William Schick survived Auschwitz

William Schick of Venice holds a picture of the semi-pro soccer team of which he was a member in Prague, Czechoslovakia, in 1939 when he was 19. This was before the Germans invaded his country. He's the tallest player in the center of the picture. Photo provided

William Schick of Venice, Fla. holds a picture of the semi-pro soccer team of which he was a member in Prague, Czechoslovakia, in 1939 when he was 19. This was before the Germans invaded his country. He’s the tallest player in the center of the picture.      Sun photo by Don Moore

The faded, blue tattooed numbers on the old man’s left forearm bear witness to the hell on earth he endured as a young man during World War II.

William Schick of Venice, Fla. survived two years in Auschwitz, the infamous German death camp, where more than 1.5 million prisoners were killed in gas chambers or died from starvation, disease or mistreatment by guards before they reached the ovens.

Schick, his brother, Zoltan, and their mother, Maria, were all in the death camp together at one point. His father, Leopold, was shot in the back and killed by German soldiers while trying to escape as he was taken to Auschwitz.

The Holocaust Memorial Museum in Washington, D.C., confirmed that William Schick was serial number 170938.

Schick went to Auschwitz in 1941 aboard a cattle car with 3,000 other Czechoslovakian Jews, museum officials said.

Prior to Auschwitz, he was in Terezin, a camp in Czechoslovakia used by Germans as a “show camp.” This was a camp the Nazis used to show the world how nice their camps were.

“We arrived at Auschwitz in the evening. When they opened the door of our cattle car, there were German soldiers with guns and German shepherd dogs. Prisoners in blue and white striped uniforms, who worked for the Germans, called ‘Capos,’ were also waiting for us. They beat the hell out of us with sticks they carried.

“‘Get out of the cars, faster, faster!’ they screamed. We were crammed in the cars like sardines. Some people died on the trip and many of the old people fell on their faces trying to get out of the cars.”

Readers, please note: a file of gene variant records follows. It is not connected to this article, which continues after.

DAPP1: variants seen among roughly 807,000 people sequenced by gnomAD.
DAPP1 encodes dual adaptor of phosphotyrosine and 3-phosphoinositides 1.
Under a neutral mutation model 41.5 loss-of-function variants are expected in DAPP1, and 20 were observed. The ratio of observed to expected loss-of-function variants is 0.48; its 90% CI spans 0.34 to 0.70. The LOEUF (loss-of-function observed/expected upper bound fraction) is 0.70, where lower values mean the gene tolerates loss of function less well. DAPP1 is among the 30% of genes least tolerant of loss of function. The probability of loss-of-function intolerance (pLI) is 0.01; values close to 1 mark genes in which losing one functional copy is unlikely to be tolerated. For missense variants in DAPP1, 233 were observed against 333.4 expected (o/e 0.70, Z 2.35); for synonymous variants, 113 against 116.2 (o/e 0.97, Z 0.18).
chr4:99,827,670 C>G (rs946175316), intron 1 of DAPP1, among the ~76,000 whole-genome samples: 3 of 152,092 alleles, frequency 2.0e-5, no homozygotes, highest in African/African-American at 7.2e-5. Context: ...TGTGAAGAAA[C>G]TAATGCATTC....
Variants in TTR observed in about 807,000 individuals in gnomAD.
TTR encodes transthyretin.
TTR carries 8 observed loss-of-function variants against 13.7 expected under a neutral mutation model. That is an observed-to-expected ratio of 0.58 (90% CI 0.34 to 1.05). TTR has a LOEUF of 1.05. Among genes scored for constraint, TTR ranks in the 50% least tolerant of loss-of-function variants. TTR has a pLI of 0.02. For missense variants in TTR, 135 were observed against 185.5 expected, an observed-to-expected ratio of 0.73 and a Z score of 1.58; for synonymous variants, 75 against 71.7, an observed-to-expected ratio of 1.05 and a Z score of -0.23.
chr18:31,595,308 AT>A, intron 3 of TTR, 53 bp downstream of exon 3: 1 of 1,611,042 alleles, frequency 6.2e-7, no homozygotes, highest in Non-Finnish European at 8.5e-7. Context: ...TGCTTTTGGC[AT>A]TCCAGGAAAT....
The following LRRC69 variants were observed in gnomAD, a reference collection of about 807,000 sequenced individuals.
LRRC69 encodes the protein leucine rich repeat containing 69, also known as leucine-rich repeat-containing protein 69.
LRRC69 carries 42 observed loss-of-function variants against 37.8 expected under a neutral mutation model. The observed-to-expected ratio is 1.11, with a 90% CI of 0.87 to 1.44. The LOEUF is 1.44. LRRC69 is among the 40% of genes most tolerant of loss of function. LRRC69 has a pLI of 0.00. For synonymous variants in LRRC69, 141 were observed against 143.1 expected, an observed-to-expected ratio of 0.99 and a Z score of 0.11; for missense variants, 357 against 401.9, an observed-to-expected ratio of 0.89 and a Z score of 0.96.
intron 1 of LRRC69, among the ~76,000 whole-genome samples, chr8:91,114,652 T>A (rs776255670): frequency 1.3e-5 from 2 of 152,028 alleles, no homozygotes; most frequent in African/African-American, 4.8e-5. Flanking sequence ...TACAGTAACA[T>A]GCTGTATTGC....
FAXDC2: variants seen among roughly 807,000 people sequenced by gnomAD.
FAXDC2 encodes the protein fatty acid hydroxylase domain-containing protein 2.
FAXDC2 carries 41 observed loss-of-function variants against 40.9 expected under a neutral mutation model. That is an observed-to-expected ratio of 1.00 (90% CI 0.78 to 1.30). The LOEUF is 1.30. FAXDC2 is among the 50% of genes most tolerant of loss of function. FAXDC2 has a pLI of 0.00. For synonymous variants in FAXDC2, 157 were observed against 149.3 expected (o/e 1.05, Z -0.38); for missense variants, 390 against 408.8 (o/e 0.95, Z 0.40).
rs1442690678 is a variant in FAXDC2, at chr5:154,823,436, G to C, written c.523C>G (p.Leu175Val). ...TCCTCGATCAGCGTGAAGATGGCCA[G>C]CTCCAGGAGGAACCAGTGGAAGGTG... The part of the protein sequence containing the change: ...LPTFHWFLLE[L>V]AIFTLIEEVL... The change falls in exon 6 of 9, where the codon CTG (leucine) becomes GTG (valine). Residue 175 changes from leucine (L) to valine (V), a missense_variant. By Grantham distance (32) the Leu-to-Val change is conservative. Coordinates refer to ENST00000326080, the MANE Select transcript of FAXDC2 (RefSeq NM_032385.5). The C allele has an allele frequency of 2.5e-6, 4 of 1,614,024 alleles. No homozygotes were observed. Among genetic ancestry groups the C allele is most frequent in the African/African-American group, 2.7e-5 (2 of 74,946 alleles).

Schick recalls the bedlam more than 60 years later.

“We had no idea where we were. All the Germans told us when they put us on the cattle cars in Terezin was, ‘We were going east on a work detail,” he said. “We got off and were standing outside the cattle cars bathed in flood lights with people screaming at us.”

The prisoners were made to stand in two lines: Men in one line and women in the other. They were forced to take off their clothes. Their bodies were shaved of all hair as they stood under floodlights in the cold night air. They were given blue and white striped uniforms like the other prisoners at Auschwitz and wooden clogs for their feet.

“Then all 3,000 of us were marched to Camp B2B. It was the only camp in Auschwitz where women, children and men were together,” Schick said. “There were over 40 subcamps in Auschwitz like this and each one was surrounded by barbed wire. There were Russian prisoners in one camp, Gypsies in another, Communists in a third and so on — camp after camp some 100,000 prisoners in all at any one time at Auschwitz, all scheduled for death.”

The Nazi secret police, who guarded the death camp, had the extermination of prisoners down to a science. If they didn’t starve a person to death in 90 days on a diet of mostly bread and water, those who were still living were sent to the gas chamber.

Each prisoner at Auschwitz had a colored triangle on the front of his striped uniform denoting his status in the camp: Jews had yellow triangles, gays wore pink triangles, political prisoners wore green triangles and criminals had black triangles.

The German commander of Camp B2B was a prisoner himself. He wore a black triangle on the front of his uniform. He murdered someone in Germany before the war.

“He was very, very nice to the prisoners,” Schick said. “He never beat anyone in his camp and after the war a number of his former prisoners spoke up for him and told authorities how he protected them. Eventually he was honored by Israel as a ‘Righteous Gentile’ who helped Jews in their time of need.

“He came into our camp one day and asked if any of us played soccer. I was a soccer player,” Schick said. “I raised my hand because I had been part of a semi-pro soccer team in Prague before the war.”

He formed a soccer team in B2B. The team played another soccer team from one of the other camps in Auschwitz.

“After we won the match he gave each one of the members of our team a 6-inch piece of salami,” Schick recalled with a smile. “We had to be careful with the salami. If you ate all of it at one time you could die. Our stomachs were not use to such rich food.

“He was a good guy,” Schick said.

Mostly, however, life in Auschwitz was awful. Prisoners were there for one reason — to die.